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McDonaldization of Education

When teachers talk of the “McDonaldization of education,” the term is commonly employed in a metaphorical way, to describe a process that, if it were taken to its logical conclusion, would transform schools into the instructional equivalent of fast food outlets. Of particular concern is the de-skilling of educators into deliverers of canned programs, the unhealthy standardization of curriculum and pedagogy and the commercialization of public schools.

Now it appears that the term has a literal, as well as a metaphorical, application. The New York Times reports that the Seminole County public school system is sending home report cards in packages covered with Mc Donalds’ advertisements, pictures of Ronald McDonald and photographs of ‘happy meals.’ The district even provides a ‘happy meal’ to fifth graders with good grades.

“I thought this was appalling,” Cathy Pagan, mother of a Seminole County fourth grader, told the Times. “You get a reward for good grades by eating — and eating fast food.” Today’s epidemic of childhood obesity ought to call a program like this into question, Pagan added.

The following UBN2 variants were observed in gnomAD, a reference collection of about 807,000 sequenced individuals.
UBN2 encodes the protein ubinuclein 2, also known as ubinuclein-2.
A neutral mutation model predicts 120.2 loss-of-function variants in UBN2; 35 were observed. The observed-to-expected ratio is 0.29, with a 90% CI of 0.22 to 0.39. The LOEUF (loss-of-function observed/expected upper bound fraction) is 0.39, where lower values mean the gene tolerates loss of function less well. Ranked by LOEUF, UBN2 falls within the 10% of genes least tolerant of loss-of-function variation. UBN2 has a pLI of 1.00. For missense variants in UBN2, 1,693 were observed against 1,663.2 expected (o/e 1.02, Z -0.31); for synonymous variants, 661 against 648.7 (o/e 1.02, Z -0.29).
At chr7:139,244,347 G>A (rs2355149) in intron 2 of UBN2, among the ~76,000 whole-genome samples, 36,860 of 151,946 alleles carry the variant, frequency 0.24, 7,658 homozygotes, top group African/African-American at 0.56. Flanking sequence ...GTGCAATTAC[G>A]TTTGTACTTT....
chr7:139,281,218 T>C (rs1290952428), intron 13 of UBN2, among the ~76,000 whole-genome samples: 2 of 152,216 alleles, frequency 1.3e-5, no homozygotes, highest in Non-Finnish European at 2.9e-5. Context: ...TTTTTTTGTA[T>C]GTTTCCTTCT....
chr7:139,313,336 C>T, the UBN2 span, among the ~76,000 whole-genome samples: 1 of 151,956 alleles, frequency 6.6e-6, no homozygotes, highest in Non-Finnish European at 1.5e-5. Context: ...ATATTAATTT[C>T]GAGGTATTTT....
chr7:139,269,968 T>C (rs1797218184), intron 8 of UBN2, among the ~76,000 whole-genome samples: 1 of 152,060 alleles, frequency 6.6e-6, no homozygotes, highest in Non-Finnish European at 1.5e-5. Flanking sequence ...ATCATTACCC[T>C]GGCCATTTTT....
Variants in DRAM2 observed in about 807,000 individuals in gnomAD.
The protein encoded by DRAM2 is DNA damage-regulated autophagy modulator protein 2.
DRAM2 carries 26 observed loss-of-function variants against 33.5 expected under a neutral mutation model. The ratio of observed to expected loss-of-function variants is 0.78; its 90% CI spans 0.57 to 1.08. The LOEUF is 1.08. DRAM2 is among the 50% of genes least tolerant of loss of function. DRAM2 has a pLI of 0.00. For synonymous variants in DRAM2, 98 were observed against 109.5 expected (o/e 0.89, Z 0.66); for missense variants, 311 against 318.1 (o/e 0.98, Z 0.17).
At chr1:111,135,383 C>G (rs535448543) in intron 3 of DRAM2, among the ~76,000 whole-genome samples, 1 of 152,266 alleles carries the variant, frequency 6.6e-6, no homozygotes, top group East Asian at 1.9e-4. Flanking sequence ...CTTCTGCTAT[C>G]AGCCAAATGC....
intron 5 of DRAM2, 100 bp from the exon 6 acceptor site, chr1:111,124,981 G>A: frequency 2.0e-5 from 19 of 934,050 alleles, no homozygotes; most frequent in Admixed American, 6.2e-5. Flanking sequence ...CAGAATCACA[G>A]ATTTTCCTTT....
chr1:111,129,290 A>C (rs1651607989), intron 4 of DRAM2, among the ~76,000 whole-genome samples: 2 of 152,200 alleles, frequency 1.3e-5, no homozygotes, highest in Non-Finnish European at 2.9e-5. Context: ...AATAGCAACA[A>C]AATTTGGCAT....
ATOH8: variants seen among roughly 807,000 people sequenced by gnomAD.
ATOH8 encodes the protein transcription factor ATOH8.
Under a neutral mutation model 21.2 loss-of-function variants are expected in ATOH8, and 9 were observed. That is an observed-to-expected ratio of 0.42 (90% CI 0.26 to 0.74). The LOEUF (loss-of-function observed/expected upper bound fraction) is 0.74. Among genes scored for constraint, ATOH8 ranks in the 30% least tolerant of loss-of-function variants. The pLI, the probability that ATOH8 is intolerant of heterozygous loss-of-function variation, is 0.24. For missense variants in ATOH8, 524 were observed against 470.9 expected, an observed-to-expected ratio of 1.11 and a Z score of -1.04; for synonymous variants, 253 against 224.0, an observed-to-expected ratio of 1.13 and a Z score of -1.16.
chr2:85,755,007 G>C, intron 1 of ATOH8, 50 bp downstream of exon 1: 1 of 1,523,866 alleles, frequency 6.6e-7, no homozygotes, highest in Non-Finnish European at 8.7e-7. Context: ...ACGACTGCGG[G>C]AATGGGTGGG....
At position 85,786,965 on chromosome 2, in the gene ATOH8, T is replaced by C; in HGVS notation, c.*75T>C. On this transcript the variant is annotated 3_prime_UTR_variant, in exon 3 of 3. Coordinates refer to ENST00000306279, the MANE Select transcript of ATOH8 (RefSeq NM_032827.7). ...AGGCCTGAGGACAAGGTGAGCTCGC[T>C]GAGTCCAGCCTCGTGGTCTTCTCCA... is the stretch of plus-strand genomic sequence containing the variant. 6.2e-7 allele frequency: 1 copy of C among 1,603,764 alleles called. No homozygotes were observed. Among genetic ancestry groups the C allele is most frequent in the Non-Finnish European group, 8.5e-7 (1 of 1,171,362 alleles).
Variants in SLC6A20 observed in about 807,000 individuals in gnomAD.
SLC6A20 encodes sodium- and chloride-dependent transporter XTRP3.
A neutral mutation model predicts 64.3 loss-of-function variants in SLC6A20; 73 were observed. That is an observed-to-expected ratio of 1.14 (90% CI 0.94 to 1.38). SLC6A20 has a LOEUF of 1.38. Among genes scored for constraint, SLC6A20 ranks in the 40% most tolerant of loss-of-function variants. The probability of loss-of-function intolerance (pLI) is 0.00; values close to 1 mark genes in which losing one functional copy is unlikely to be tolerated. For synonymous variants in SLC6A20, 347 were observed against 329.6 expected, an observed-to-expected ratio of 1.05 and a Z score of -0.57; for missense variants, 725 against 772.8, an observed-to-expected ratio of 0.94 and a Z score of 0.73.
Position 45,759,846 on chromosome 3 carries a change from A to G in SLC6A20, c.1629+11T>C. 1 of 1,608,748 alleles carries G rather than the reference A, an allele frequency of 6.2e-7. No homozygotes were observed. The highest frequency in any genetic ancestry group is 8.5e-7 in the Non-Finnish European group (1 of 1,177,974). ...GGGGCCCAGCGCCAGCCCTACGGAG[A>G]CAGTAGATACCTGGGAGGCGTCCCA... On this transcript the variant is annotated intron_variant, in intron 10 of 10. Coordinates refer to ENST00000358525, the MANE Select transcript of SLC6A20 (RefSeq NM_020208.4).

Pagan’s concerns about childhood obesity and health don’t weigh heavy on the mind of Whitney Tilson, one of the Wall Street benefactors of the Democrats for Education Reform [at Edwize, we know them as the People's Democratic Republicans for Education Reform]. The monthly investment magazine, Kiplingers, reports that Tilson is positively bullish on the fast food chain, and that his hedge fund has invested heavily in McDonalds’ stock. Since Tilson writes a blog where he regularly casts summary judgment that various figures in the world of education — especially teacher unionists — don’t really care about what happens to kids, it is interesting to see how he puts his money behind his mouth.

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